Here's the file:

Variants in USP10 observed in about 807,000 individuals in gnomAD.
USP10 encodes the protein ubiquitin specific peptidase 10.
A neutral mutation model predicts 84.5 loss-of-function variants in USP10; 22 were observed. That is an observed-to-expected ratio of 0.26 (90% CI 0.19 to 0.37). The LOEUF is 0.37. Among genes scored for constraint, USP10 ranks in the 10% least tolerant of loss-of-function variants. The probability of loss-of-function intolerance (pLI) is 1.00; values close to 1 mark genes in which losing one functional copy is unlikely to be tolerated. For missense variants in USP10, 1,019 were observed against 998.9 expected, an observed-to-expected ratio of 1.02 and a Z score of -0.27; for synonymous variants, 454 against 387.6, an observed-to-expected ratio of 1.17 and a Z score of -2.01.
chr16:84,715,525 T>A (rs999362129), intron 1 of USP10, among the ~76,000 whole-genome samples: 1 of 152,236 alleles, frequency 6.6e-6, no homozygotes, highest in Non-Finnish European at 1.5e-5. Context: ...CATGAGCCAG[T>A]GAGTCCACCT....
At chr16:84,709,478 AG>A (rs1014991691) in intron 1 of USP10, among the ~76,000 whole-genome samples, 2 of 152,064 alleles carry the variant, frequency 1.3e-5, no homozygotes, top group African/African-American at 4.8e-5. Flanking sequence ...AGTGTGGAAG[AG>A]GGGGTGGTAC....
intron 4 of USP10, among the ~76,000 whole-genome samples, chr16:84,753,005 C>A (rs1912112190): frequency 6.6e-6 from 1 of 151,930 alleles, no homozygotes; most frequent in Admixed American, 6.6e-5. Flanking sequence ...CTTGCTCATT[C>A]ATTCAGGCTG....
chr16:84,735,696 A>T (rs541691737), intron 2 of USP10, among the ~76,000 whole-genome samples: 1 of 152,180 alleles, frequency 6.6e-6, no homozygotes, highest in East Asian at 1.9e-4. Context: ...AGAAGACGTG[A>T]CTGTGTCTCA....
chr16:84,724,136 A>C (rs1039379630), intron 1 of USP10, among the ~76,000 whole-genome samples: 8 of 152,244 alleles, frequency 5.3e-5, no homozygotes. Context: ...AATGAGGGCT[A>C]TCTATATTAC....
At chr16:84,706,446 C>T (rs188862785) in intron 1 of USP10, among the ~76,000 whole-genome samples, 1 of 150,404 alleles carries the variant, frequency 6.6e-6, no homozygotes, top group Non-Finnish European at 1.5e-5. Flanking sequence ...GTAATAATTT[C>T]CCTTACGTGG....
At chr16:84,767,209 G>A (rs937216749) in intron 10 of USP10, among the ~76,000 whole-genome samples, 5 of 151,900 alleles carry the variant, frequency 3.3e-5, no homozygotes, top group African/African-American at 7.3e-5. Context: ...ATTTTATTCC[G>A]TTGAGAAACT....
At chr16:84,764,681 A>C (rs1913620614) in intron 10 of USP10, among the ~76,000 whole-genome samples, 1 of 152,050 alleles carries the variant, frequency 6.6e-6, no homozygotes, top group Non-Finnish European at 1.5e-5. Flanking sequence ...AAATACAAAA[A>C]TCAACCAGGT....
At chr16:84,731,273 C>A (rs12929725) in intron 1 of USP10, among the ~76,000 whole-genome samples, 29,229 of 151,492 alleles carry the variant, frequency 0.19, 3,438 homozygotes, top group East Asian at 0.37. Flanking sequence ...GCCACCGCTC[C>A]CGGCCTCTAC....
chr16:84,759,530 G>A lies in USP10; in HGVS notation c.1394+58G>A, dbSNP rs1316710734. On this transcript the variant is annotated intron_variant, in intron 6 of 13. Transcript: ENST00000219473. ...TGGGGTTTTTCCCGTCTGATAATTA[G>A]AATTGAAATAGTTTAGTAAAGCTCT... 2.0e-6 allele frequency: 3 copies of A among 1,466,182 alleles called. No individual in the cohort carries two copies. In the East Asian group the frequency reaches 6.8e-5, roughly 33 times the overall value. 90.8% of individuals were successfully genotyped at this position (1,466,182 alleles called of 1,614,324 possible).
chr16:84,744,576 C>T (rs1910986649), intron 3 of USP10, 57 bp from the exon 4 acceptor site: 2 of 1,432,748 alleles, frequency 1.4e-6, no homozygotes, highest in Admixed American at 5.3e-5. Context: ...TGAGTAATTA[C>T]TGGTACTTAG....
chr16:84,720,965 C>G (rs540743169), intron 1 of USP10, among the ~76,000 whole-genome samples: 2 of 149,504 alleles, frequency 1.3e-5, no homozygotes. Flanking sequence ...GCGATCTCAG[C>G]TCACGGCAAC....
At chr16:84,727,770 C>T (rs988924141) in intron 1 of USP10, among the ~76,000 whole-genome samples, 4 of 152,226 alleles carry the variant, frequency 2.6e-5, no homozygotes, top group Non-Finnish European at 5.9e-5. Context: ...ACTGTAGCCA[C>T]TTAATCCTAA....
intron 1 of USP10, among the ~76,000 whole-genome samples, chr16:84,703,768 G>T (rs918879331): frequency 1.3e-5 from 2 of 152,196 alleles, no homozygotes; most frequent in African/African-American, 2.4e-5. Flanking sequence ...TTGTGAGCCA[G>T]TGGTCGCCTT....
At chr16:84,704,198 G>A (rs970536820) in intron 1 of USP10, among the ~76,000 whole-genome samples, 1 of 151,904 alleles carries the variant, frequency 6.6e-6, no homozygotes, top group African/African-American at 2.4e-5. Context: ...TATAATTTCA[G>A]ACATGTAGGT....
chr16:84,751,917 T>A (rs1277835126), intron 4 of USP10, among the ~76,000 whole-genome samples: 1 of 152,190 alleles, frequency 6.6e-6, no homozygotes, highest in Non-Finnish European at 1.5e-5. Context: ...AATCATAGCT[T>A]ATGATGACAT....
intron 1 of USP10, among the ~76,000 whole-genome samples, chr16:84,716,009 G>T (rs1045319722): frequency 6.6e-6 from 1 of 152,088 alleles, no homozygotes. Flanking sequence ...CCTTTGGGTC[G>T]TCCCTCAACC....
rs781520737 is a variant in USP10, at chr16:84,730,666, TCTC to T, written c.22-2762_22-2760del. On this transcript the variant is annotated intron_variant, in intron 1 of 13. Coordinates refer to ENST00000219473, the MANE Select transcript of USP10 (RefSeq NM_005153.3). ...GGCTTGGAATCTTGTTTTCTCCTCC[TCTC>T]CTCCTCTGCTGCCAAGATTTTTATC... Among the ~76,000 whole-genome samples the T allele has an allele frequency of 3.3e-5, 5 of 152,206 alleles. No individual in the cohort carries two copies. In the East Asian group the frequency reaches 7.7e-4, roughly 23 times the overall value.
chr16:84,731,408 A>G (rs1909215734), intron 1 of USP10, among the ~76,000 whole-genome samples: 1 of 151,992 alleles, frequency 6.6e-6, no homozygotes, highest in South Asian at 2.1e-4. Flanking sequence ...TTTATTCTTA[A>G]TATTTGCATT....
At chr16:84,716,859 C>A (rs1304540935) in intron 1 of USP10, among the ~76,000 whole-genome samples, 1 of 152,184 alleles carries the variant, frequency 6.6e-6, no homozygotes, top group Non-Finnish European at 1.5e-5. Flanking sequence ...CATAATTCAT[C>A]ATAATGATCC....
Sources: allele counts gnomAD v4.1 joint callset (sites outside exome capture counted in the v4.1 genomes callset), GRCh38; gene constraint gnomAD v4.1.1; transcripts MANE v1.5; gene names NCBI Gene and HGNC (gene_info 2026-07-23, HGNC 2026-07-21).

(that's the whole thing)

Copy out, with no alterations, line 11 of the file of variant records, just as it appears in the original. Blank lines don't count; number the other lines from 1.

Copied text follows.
At chr16:84,764,681 A>C (rs1913620614) in intron 10 of USP10, among the ~76,000 whole-genome samples, 1 of 152,050 alleles carries the variant, frequency 6.6e-6, no homozygotes, top group Non-Finnish European at 1.5e-5. Flanking sequence ...AAATACAAAA[A>C]TCAACCAGGT....